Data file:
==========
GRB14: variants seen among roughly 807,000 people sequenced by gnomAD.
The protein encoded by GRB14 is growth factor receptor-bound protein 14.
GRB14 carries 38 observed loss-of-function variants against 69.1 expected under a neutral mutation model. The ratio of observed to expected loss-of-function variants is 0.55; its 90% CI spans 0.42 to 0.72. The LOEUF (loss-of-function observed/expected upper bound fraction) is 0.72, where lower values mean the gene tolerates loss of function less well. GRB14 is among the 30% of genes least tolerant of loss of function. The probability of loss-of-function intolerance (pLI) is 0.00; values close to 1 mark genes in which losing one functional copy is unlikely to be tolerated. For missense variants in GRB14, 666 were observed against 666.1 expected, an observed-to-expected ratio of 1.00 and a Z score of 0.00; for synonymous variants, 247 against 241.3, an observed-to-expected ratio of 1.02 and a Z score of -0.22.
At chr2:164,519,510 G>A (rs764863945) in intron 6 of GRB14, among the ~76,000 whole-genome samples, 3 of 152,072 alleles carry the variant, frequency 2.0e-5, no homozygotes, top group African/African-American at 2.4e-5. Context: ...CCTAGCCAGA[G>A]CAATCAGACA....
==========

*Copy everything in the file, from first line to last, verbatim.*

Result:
GRB14: variants seen among roughly 807,000 people sequenced by gnomAD.
The protein encoded by GRB14 is growth factor receptor-bound protein 14.
GRB14 carries 38 observed loss-of-function variants against 69.1 expected under a neutral mutation model. The ratio of observed to expected loss-of-function variants is 0.55; its 90% CI spans 0.42 to 0.72. The LOEUF (loss-of-function observed/expected upper bound fraction) is 0.72, where lower values mean the gene tolerates loss of function less well. GRB14 is among the 30% of genes least tolerant of loss of function. The probability of loss-of-function intolerance (pLI) is 0.00; values close to 1 mark genes in which losing one functional copy is unlikely to be tolerated. For missense variants in GRB14, 666 were observed against 666.1 expected, an observed-to-expected ratio of 1.00 and a Z score of 0.00; for synonymous variants, 247 against 241.3, an observed-to-expected ratio of 1.02 and a Z score of -0.22.
At chr2:164,519,510 G>A (rs764863945) in intron 6 of GRB14, among the ~76,000 whole-genome samples, 3 of 152,072 alleles carry the variant, frequency 2.0e-5, no homozygotes, top group African/African-American at 2.4e-5. Context: ...CCTAGCCAGA[G>A]CAATCAGACA....